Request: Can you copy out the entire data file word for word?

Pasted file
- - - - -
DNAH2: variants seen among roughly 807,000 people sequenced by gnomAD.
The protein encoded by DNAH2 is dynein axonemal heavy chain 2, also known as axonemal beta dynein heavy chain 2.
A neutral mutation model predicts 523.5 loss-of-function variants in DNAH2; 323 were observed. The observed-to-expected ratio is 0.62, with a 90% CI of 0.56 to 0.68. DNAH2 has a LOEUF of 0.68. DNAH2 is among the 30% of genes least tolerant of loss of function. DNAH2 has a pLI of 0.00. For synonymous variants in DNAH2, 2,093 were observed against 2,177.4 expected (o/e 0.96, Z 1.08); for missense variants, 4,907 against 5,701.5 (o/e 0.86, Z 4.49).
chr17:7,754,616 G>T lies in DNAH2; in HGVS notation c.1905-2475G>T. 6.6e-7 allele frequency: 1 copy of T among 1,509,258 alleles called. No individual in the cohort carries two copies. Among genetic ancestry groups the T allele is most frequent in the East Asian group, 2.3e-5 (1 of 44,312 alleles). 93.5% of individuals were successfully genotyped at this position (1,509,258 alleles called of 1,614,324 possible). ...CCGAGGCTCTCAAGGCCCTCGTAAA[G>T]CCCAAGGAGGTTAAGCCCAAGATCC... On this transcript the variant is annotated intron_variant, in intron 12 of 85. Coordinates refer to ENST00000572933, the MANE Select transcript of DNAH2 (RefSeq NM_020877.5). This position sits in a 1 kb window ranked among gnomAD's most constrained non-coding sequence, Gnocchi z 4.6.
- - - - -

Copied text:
DNAH2: variants seen among roughly 807,000 people sequenced by gnomAD.
The protein encoded by DNAH2 is dynein axonemal heavy chain 2, also known as axonemal beta dynein heavy chain 2.
A neutral mutation model predicts 523.5 loss-of-function variants in DNAH2; 323 were observed. The observed-to-expected ratio is 0.62, with a 90% CI of 0.56 to 0.68. DNAH2 has a LOEUF of 0.68. DNAH2 is among the 30% of genes least tolerant of loss of function. DNAH2 has a pLI of 0.00. For synonymous variants in DNAH2, 2,093 were observed against 2,177.4 expected (o/e 0.96, Z 1.08); for missense variants, 4,907 against 5,701.5 (o/e 0.86, Z 4.49).
chr17:7,754,616 G>T lies in DNAH2; in HGVS notation c.1905-2475G>T. 6.6e-7 allele frequency: 1 copy of T among 1,509,258 alleles called. No individual in the cohort carries two copies. Among genetic ancestry groups the T allele is most frequent in the East Asian group, 2.3e-5 (1 of 44,312 alleles). 93.5% of individuals were successfully genotyped at this position (1,509,258 alleles called of 1,614,324 possible). ...CCGAGGCTCTCAAGGCCCTCGTAAA[G>T]CCCAAGGAGGTTAAGCCCAAGATCC... On this transcript the variant is annotated intron_variant, in intron 12 of 85. Coordinates refer to ENST00000572933, the MANE Select transcript of DNAH2 (RefSeq NM_020877.5). This position sits in a 1 kb window ranked among gnomAD's most constrained non-coding sequence, Gnocchi z 4.6.